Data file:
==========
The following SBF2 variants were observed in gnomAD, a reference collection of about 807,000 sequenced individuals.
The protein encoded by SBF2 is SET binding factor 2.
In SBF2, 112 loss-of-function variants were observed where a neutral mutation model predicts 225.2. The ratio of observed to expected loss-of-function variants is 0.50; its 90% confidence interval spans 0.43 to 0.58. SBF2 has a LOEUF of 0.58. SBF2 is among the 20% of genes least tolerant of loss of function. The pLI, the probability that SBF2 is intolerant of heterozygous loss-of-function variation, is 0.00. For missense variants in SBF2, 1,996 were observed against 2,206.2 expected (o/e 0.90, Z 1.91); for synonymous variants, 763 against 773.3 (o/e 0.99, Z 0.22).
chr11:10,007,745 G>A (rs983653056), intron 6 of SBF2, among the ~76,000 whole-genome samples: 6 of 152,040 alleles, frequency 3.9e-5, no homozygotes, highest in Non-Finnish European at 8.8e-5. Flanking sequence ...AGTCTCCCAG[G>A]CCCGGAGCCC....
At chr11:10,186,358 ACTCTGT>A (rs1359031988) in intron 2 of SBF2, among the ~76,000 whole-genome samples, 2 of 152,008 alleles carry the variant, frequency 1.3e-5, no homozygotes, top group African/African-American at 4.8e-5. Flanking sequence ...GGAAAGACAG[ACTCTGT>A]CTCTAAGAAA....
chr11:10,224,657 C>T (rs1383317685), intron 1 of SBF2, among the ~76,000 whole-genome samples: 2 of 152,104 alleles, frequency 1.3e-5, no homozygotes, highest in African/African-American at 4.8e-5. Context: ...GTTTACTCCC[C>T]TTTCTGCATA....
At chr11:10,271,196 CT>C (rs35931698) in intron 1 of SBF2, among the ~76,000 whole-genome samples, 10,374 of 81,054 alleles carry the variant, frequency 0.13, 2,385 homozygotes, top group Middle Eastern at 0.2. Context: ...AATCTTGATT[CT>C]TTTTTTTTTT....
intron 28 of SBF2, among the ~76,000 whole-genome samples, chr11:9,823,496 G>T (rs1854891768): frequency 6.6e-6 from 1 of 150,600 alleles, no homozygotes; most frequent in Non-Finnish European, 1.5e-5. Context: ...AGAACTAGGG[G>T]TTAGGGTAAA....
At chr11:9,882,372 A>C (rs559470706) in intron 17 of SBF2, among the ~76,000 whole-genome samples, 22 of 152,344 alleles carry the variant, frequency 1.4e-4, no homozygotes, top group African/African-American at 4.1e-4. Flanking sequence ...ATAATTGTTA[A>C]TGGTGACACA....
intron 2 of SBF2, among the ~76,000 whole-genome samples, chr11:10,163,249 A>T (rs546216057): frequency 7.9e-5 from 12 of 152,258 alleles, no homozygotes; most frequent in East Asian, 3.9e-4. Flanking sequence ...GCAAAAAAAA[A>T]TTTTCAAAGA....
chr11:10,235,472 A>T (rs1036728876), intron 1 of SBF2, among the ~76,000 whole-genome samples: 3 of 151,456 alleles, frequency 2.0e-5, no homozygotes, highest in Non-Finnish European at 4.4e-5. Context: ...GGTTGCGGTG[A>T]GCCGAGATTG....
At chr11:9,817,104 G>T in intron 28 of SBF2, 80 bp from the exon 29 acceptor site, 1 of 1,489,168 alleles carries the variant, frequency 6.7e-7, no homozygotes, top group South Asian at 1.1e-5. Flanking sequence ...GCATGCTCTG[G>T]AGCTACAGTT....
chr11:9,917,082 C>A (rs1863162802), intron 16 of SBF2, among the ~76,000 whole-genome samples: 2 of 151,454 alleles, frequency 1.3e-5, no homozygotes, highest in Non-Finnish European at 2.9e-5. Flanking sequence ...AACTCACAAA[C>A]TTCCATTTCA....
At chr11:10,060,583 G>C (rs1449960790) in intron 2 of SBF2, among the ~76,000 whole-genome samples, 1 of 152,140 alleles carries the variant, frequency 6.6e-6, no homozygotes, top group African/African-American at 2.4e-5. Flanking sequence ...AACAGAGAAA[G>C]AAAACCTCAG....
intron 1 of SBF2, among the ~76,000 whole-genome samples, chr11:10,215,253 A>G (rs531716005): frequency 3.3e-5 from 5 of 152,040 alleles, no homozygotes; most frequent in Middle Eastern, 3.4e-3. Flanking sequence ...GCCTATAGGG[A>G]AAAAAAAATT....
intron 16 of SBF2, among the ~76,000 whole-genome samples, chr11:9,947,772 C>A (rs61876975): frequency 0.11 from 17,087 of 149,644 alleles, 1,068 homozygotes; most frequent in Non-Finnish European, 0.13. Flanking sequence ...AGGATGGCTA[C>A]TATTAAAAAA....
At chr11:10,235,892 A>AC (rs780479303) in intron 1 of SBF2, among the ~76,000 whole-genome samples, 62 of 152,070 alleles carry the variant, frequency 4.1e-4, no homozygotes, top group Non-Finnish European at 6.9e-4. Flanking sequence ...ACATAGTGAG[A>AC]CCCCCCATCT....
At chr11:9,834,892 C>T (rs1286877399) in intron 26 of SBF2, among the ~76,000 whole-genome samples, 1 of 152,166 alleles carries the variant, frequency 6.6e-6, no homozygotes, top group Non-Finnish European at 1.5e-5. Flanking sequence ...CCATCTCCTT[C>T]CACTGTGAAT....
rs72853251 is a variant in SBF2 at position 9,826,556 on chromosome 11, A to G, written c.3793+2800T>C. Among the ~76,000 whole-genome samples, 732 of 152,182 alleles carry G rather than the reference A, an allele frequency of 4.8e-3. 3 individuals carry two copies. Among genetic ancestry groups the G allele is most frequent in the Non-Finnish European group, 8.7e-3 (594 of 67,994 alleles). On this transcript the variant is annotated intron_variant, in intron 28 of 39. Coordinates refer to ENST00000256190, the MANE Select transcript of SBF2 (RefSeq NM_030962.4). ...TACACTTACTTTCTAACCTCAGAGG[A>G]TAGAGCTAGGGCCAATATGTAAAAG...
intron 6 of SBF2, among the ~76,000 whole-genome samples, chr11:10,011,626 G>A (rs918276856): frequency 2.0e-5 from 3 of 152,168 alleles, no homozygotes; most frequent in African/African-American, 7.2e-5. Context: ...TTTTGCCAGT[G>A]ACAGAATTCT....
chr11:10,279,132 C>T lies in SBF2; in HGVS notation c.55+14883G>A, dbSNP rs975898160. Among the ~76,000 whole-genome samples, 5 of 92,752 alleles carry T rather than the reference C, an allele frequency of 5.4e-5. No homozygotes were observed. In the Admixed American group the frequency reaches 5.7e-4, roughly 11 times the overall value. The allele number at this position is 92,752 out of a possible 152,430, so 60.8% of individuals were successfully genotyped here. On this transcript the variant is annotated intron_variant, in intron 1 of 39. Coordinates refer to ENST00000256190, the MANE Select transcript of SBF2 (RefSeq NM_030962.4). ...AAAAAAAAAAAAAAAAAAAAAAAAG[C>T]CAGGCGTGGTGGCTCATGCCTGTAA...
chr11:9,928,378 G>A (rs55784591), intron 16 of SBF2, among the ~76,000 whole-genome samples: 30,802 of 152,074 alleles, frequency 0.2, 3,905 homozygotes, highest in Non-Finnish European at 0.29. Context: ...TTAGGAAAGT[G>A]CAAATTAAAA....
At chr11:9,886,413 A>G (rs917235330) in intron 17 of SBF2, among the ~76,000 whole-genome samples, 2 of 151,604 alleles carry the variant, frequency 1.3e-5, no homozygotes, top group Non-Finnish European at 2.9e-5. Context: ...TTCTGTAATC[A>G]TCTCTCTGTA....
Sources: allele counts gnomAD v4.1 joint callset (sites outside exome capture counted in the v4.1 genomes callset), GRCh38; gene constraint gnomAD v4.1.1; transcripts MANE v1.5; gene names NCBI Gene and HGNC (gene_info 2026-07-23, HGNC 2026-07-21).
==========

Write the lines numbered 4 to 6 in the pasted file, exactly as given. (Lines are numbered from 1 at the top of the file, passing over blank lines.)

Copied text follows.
chr11:10,007,745 G>A (rs983653056), intron 6 of SBF2, among the ~76,000 whole-genome samples: 6 of 152,040 alleles, frequency 3.9e-5, no homozygotes, highest in Non-Finnish European at 8.8e-5. Flanking sequence ...AGTCTCCCAG[G>A]CCCGGAGCCC....
At chr11:10,186,358 ACTCTGT>A (rs1359031988) in intron 2 of SBF2, among the ~76,000 whole-genome samples, 2 of 152,008 alleles carry the variant, frequency 1.3e-5, no homozygotes, top group African/African-American at 4.8e-5. Flanking sequence ...GGAAAGACAG[ACTCTGT>A]CTCTAAGAAA....
chr11:10,224,657 C>T (rs1383317685), intron 1 of SBF2, among the ~76,000 whole-genome samples: 2 of 152,104 alleles, frequency 1.3e-5, no homozygotes, highest in African/African-American at 4.8e-5. Context: ...GTTTACTCCC[C>T]TTTCTGCATA....